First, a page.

Bruxelles, part II: tourism

I stayed just outside of Brussels for 5 nights with the grandmother of my good friend from high school, Celine.  On Monday, 2 August and Wednesday, 4 August we went into the Brussels to explore the city a little.  Here is a brief overview of what we did.

Monday, 2 August

In the morning, we made our way down to the Atomiom.  This huge structure, representing an iron crystal but many millions of times bigger, was built for the 1958 world exhibition in Brussels.  Today, it is a museum about the exhibition and about immigration into Belgium - kind of an unusual combination.

View from under the atomium, looking up
All around the Atomium are some of the remains of the world fair: grand avenues, and some of the pavillions of other countries.  Even today, this remains an area primarily frequented by tourists, as it is somewhat outside of Brussels.

When you go into the atomiom, you go up into the different spheres to see different exhibits.  The top sphere offers a great view over the surrounding area and Brussels.

After a couple of hours of looking around, we decided to head into Brussels proper.  We took the metro into Bruxelles Centre, and headed for the Grand' Place:

One side of the Grand' Place

The Grand' Place is the center of Brussels.  The incredibly ornate buildings that line the huge open square were once (or perhaps in some cases, still are?) home to the major guilds of the city.  You can tell the guilds with their headquarters on the Grand' Place must have been fairly well-off, given how rich all the façades are!  The combined effect of all the magnificent buildings is definitely impressive.

Around the edge of the Grand' Place are plenty of little shops and restaurants geared toward tourists.  We spent a few hours wandering around and looking for a public phone (digression: there are plenty of public phones in France and Switzerland.  Why, then, do they not exist in Belgium???).  Finally we stopped in a restaurant for a very late lunch, where I had a crème d'asperges soup and waterzooï (see the previous entry for my discussion of this dish.)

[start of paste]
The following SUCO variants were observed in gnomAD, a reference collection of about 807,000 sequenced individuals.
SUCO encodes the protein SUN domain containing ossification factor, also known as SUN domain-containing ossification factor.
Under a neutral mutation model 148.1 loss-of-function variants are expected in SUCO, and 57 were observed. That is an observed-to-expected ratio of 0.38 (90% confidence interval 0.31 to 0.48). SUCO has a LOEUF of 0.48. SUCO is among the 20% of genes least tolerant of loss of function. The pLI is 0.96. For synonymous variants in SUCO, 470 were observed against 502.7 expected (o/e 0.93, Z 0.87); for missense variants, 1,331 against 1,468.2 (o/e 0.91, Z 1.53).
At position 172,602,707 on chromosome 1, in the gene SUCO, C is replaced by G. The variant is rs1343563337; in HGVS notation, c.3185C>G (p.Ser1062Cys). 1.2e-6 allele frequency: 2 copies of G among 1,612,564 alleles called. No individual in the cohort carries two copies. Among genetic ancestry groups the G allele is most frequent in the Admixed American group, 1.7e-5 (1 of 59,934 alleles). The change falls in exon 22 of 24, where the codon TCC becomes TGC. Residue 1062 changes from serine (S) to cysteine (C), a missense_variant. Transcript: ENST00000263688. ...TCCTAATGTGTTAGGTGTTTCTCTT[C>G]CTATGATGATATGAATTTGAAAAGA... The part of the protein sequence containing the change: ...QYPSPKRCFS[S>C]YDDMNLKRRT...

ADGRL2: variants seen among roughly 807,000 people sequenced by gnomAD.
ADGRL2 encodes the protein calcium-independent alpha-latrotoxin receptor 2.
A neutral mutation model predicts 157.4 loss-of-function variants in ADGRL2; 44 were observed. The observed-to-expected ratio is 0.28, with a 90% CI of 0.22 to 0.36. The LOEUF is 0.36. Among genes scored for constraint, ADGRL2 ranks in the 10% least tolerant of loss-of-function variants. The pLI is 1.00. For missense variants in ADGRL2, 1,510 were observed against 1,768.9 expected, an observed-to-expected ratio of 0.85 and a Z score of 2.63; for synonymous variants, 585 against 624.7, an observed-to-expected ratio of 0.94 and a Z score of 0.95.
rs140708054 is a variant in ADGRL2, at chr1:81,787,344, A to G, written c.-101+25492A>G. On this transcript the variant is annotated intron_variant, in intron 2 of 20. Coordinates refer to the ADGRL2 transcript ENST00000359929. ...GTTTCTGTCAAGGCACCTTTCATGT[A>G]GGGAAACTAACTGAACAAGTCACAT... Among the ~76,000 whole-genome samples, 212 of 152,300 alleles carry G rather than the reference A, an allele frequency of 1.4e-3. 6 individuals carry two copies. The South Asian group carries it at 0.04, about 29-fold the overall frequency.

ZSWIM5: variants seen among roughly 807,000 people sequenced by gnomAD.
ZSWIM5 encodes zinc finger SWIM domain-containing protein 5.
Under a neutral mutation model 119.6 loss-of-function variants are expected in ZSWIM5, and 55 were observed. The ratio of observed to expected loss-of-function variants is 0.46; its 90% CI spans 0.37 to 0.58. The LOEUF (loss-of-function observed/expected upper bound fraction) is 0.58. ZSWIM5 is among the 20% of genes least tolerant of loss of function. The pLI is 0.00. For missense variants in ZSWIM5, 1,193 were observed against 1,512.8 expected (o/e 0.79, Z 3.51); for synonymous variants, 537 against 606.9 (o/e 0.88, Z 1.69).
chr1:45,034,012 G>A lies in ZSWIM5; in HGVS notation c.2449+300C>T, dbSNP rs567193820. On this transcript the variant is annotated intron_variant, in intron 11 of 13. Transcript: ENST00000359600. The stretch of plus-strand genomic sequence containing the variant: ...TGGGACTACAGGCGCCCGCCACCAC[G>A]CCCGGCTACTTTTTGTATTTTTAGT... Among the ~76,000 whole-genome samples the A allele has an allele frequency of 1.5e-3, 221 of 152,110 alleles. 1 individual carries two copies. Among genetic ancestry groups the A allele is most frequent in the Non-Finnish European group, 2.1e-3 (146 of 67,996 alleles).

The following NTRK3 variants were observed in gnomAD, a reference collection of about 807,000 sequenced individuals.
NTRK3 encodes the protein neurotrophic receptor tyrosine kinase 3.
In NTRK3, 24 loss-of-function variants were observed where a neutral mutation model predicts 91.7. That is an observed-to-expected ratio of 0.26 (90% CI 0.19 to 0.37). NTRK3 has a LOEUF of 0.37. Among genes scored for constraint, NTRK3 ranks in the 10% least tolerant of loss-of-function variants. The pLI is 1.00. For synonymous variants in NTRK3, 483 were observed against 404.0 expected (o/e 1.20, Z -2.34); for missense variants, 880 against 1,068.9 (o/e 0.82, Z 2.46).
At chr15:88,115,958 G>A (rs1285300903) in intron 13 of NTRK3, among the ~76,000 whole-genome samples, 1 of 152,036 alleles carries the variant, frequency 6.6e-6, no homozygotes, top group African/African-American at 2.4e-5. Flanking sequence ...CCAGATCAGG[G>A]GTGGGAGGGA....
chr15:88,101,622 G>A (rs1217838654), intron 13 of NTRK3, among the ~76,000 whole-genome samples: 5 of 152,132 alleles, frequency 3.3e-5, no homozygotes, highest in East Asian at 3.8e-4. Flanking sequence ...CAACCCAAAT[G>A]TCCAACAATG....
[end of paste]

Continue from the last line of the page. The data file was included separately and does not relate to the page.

After lunch, we set out to find the Mannekin Pis, the jaunty fountain of a peeing boy that is a must-see on anyone's visit to Brussels.  According to a sign by the Mannekin Pis, he has over 800 outfits; but when we saw him, he was nekkid:

Mannekin Pis

It would have been much more fun if he had been in his kilt, or lederhosen, African warlord garb, or any of the outfits that go with him, but oh well! 

Just like you can buy tiny models of the Eiffel tower all over Paris, you could get mini Mannekin Pis models in all the tourist shops in Brussels.

The well-known pâtisserie Dandoy has a shop right near the Mannekin Pis, and I stopped in to buy a packet of Speculoos, the crisp spicy cookies that are their specialty.  Afterwards, Celine and I returned home to chez Bonne Maman for a delicious dinner of cailles (quails) served in a rich, smooth tomatoey sauce with small potatoes, which was délicieux.  For dessert, Bonne Maman had bought a tarte au sucre, or sugar pie - one of her favorites and a local specialty.  The pie had a crust on the bottom only, and it was a little sweet and more bready than a standard French flaky pastry crust.  The filling was a pale creamy color, had a soft, light texture, and was very sweet, a little like the caramelized filling around pecans in a pecan pie.